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Tokyo 2020 – What is it like to be an Olympic volunteer?

Tokyo 2020 – What is it like to be an Olympic volunteer?

Tokyo 2020 – What is it like to be an Olympic volunteer?

The next Olympic summer games will take place in 2020 in Tokyo, Japan. The application process for Olympic volunteers was accomplished in December 2018 for around 80,000 “Game Volunteers”, which are needed for guidance, events, mobility support, personal support, operational support, healthcare, technology, media, and ceremonies, along with around 30,000 “City Volunteers”, providing transportation information to tourists and acting as guides.

Also Neha, 26, from the UK, has applied and is currently waiting for an invitation to the 2nd stage of the selection process. Neha had already volunteered at the London 2012 games. We have met her in Tokyo and have asked her about her experiences in London.

Why did you want to become an Olympic Volunteer?

I wasn’t sure initially, but my teacher at the time told me that I should try. And I thought, if I get in, that would be fun. And I got the job and I was so excited. The whole process was so exciting because I was just telling everybody: “I’m going to be a volunteer for the Olympics” – and what are the chances that you can ever say that?

Also on the resume it looks very good. If in an interview they ask you what else you’ve done and you can say: ‘Ah yes, I’ve volunteered at the Olympics’, it makes you stand out and it makes you interesting. After having volunteered in London in 2012, I wanted to apply again for the 2020 Olympics in Tokyo.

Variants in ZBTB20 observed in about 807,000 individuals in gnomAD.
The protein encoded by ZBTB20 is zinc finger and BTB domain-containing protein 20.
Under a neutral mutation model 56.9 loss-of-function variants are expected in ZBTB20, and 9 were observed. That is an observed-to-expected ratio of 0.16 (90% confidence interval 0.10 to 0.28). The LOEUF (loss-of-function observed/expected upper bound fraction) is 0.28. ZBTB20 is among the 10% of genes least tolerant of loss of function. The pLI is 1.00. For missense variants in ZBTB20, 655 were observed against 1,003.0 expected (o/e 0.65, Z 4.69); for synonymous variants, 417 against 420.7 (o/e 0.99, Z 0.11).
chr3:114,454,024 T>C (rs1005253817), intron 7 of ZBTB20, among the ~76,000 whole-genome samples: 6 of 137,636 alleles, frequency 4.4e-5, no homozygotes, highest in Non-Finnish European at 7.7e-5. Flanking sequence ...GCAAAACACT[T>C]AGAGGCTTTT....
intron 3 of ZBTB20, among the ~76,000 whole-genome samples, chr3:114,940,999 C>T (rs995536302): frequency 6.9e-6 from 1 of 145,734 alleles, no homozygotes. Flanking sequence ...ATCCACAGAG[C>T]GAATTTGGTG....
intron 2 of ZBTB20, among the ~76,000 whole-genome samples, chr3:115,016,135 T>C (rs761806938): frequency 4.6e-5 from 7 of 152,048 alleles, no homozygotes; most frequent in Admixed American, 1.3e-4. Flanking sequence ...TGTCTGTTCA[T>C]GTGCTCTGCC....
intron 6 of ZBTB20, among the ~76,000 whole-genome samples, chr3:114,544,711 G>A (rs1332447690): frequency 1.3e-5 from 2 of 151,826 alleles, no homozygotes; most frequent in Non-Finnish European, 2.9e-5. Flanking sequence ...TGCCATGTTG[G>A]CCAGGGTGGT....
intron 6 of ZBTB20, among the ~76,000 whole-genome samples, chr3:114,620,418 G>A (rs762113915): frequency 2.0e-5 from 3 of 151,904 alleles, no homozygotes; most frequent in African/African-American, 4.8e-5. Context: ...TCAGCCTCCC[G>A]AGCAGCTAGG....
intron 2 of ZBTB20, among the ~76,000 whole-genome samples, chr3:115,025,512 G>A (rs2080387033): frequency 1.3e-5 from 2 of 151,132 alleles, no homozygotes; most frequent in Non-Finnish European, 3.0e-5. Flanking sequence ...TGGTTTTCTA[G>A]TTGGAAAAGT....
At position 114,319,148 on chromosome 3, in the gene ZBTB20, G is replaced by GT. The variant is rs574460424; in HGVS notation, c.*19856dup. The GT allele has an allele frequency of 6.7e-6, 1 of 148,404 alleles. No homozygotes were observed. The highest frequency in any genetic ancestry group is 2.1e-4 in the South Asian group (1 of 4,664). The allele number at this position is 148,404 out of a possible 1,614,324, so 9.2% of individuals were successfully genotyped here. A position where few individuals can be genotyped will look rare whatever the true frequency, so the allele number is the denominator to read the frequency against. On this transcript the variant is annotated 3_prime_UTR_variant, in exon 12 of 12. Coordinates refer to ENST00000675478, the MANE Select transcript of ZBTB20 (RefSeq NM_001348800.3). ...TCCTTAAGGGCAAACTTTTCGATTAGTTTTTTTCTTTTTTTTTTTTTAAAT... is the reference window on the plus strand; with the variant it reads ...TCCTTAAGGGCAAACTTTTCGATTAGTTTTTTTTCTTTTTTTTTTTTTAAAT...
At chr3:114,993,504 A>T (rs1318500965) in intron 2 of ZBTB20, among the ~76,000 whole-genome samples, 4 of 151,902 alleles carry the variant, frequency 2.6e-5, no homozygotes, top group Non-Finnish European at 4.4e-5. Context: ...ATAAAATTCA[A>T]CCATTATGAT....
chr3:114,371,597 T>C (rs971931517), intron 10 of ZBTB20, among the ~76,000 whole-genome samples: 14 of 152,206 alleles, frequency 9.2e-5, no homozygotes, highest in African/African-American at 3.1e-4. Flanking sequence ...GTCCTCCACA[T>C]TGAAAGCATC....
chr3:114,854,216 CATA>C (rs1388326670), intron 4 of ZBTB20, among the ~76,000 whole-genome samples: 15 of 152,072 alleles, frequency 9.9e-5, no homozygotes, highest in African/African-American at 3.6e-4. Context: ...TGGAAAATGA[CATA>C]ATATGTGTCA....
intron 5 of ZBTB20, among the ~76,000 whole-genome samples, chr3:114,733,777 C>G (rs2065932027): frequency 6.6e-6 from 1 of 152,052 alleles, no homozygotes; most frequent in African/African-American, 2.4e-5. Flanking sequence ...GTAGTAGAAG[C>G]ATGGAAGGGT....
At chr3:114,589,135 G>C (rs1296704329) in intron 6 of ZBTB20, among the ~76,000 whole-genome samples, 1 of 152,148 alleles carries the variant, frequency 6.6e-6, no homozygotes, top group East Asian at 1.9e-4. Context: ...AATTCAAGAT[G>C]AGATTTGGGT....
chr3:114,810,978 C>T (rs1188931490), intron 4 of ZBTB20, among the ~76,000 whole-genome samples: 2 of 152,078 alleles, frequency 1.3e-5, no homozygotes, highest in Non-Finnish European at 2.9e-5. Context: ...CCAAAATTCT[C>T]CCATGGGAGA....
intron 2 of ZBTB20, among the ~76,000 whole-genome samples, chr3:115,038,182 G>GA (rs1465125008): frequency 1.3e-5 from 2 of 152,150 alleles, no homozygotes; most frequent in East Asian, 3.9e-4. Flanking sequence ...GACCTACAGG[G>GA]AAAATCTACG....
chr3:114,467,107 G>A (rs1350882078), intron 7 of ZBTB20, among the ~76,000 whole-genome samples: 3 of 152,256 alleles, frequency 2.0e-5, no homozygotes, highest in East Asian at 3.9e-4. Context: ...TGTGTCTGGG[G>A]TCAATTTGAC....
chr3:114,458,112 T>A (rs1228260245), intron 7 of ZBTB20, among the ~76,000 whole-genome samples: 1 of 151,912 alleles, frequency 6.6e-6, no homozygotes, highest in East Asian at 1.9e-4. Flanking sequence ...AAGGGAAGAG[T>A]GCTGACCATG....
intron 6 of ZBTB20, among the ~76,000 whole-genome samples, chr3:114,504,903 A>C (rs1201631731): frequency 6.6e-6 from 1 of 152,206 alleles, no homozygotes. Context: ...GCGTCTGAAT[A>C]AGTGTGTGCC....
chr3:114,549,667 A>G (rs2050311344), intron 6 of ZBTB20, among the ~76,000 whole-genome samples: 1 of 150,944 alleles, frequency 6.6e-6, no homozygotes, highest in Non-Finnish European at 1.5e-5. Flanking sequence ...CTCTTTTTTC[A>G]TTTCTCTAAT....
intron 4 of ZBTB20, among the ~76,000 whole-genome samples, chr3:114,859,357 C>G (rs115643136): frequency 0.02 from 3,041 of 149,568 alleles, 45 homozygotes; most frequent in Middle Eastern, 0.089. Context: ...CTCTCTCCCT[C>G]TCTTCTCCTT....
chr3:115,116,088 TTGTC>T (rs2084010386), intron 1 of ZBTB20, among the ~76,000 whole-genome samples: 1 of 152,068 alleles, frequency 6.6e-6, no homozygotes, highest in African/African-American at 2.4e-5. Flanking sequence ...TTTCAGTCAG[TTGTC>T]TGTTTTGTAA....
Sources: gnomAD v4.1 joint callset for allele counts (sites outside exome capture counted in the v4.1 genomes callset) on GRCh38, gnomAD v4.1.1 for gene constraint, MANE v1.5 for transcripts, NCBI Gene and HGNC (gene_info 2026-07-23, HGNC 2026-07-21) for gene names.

How did you become an Olympic Volunteer?

Basically, in order to volunteer for Olympics, you have to apply two years in advance. You can apply online, on the official website, by downloading some documents that you send them online.

Then you wait for them to reply. I think it took like six months for them to reply. Then I had passed the first application stage. Then I had to go to a one-to-one interview.

How was the interview?

It was fairly casual, they just wanted to know why I applied, what my preferences are and what time I would be available to do the job or if I’m fine working the whole week during the Olympics.

What happened after the interview?

After that they kept updating me on what was happening with the events. When they confirmed that I got the position as a volunteer, it went quiet until around two months before the Olympics. So they called me back again because I had to let them know what my size is.

Why did they want to know your size?

For the uniform, jacket, shoes etc. that you have to wear as a volunteer. They give volunteers everything. You get the oyster card as well, I kept it as a souvenir. During the Olympic weeks, you were able to use it wherever you go, it was free of charge.  All the  trains I took didn’t cost me anything, so I could get everywhere on time. They gave me everything, my entire uniform, jacket, shirt, trousers, shoes and caps. Everything I got was free, even the little notebook, it was so fun.

Were you able to decide at which venue you were positioned?

I had to give my top three preferences at which venue I wanted to work. At that time I loved watching tennis, so my first choice was tennis, second was swimming and third was the race track. I got the tennis one and it was so much fun.

How did the preparation process continue?

Two weeks before it started there was a welcoming party for all volunteers. It was in the Wimbledon arena. We were all there, it was so crowded. It was all of the volunteers and events welcoming everybody, it was so much fun.